This book was different from what I was expecting, but still extremely valuable. Based on the subtitle, 'A Scientific Dialogue with the Dalai Lama on the Healing Powers of Meditation', and the cover shot featuring the Dalai Lama speaking, I was expecting the book to be a collection of talks given by the Dalai Lama on this subject, with the 'dialogue' being questions posed to him. In fact, it is almost the reverse - in 2005 a collection of scientists, psychologists, and clinical practitioners each presented their latest research on topics related to mindfulness, meditation, neuroscience, and how these intersect with mental and physical health, to the Dalai Lama at a conference sponsored by the Mind-Life Institute, and this book is an edited transcription of this conference. Although the Dalai Lama is asked questions and does participate in parts, most of the speaking is not done by him. However, the information presented is fascinating, and done in bite-size chunks that lay readers can mostly understand ('lay' referring both to non-Buddhists and non-scientists.) I say 'mostly' because although I am very familiar with Buddhism, I am most definitely not a neuro-scientist (although I have read a lot of meditation related research), and the more technical brain discussions did get a bit over my head. However, in most cases the question and answer sessions brought things back down to a practical level that I could understand. The conference sessions, and the book, are divided into 5 themed sections: Meditation-Based Clinical Interventions, Biological Substrates of Meditation, Meditation and Mental Health, Meditation and Physical Health, and Integration and Final Reflections. Each features 1-3 speakers presenting their research, followed by a panel discussion with questions and answers (in some cases including questions from the audience.) The panels are themselves a who's who of Western Buddhism, featuring names that will be familiar to many - Sharon Salzberg, Jack Kornfield, Alan Wallace, Jon Kabat-Zinn and more. For the first time a Christian representative, Father Thomas Keating, was included as well. That being said, most of the discussion is secular in nature. The principal discussion is how MBSR (mindfulness-based-stress-reduction) and MBCT (mindfulness-based-cognitive-therapy), both based on Buddhist practices but developed in a secular context outside of them, impact the brain, and how they can be utilized to heal and to maximize human potential. The greater emphasis is placed on the former - on clinical applications to both mental and physical health ailments. Research presented addresses the proven and potential impact of MBSR and MBCT for managing the impact of stress, clinical depression, and chronic pain, as well as for changing negative thought and emotional patterns and developing positive ones. In that sense, this really isn't a 'science of spirituality' kind of book, as it doesn't spend a lot of time looking at spiritual and mystic experience or beliefs per se (for that consider Fingerprints of God: What Science Is Learning About the Brain and Spiritual Experience). And although it is possible to extrapolate from the research presented here to develop practices for yourself, this also isn't a personal spirituality book (for a presentation of some of this info for that purpose, try another book by the Mind Life Institute Train Your Mind, Change Your Brain: How a New Science Reveals Our Extraordinary Potential to Transform Ourselves). But if you are looking for a current (2005 being current in the science research world) and accessible overview of the science behind meditation and mindfulness, and how these may impact humanity on many levels, this is a great offering.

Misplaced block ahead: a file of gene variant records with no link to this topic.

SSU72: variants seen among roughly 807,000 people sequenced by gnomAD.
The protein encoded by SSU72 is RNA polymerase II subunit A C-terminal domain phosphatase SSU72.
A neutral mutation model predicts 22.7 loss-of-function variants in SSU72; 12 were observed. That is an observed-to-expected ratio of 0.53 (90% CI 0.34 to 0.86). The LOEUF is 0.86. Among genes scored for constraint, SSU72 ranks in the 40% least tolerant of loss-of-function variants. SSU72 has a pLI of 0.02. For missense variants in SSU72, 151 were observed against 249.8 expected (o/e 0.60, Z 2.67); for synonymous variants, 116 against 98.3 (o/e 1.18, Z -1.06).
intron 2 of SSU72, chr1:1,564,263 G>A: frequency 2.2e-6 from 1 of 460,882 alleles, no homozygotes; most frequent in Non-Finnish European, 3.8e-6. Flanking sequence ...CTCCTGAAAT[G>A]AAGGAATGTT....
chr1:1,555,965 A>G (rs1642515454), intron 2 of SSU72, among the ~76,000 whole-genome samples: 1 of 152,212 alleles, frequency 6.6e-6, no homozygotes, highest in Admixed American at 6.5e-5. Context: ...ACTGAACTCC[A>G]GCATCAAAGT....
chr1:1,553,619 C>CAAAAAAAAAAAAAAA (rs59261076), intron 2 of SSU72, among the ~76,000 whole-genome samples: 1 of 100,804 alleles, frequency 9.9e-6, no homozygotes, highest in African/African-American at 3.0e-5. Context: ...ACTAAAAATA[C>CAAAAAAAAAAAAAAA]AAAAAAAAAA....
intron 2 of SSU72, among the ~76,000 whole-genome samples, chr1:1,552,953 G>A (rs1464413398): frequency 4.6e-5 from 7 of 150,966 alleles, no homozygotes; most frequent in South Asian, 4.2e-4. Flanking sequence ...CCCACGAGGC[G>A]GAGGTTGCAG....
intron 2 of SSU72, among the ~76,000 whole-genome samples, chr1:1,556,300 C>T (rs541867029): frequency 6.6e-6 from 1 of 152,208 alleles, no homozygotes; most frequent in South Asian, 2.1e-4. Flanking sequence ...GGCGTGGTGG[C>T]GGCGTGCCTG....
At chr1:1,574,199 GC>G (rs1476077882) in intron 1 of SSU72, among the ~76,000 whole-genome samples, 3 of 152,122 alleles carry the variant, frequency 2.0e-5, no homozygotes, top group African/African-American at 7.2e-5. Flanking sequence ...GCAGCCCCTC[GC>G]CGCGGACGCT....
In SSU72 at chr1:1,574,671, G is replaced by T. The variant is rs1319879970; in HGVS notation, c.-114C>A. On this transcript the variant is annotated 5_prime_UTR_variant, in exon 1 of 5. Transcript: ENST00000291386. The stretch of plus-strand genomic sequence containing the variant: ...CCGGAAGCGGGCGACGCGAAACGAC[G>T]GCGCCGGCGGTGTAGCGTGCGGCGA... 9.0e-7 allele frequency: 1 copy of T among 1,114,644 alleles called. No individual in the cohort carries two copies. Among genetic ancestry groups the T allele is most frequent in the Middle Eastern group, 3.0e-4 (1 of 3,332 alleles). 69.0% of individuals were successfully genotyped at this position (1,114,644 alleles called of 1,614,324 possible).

A Discussion of Medical Benefit from Meditation and Mindfulness